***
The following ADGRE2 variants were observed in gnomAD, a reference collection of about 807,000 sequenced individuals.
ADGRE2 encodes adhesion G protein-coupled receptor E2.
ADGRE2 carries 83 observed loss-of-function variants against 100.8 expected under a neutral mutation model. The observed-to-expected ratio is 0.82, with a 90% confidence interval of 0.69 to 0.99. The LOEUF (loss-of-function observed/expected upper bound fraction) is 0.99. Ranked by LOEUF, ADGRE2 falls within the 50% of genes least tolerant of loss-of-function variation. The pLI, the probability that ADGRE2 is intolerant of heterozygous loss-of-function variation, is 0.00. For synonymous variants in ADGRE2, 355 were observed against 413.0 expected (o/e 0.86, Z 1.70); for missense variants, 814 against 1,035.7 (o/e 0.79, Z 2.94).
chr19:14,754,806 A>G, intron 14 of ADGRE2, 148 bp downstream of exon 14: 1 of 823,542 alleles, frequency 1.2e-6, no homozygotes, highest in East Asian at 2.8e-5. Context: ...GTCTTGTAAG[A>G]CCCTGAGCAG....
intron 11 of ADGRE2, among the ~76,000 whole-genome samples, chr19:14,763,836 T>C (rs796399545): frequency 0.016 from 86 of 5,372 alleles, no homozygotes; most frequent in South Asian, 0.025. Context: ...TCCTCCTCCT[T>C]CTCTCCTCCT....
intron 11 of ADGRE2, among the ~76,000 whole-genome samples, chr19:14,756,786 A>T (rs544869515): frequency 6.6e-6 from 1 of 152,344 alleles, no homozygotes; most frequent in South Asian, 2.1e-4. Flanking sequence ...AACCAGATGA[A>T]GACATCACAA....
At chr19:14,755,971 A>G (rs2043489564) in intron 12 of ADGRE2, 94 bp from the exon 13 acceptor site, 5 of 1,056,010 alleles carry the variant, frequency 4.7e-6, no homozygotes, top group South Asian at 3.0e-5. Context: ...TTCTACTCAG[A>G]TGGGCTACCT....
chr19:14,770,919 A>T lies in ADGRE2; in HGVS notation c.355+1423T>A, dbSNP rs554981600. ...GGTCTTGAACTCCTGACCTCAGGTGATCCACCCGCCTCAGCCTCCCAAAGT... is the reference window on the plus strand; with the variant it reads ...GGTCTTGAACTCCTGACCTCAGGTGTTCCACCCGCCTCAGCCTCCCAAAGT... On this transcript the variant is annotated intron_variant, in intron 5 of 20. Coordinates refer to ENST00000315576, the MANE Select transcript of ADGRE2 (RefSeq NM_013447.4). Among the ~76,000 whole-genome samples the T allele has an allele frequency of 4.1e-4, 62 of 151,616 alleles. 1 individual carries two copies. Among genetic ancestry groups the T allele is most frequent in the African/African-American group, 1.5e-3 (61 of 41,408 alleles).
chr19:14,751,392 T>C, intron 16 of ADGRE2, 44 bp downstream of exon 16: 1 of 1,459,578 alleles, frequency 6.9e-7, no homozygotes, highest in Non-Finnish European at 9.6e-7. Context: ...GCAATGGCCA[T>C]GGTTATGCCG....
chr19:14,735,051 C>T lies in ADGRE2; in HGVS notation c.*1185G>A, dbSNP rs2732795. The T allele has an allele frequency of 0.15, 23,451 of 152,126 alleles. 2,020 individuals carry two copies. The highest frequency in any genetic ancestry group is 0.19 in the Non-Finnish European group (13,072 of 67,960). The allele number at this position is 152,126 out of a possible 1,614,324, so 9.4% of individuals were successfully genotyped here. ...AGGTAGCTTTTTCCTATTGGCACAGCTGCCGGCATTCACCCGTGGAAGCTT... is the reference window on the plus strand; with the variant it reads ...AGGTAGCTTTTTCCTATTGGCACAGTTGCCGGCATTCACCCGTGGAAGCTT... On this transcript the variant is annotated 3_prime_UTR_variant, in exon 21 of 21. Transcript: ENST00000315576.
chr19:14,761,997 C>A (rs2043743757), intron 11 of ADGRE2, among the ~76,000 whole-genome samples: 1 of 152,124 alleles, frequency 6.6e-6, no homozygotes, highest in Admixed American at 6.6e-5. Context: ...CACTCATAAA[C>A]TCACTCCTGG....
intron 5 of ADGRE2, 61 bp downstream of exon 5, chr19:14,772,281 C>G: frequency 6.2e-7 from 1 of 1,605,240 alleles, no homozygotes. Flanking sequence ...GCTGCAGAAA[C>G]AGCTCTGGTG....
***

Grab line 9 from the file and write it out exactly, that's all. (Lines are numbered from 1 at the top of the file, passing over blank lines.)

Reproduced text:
chr19:14,751,392 T>C, intron 16 of ADGRE2, 44 bp downstream of exon 16: 1 of 1,459,578 alleles, frequency 6.9e-7, no homozygotes, highest in Non-Finnish European at 9.6e-7. Context: ...GCAATGGCCA[T>C]GGTTATGCCG....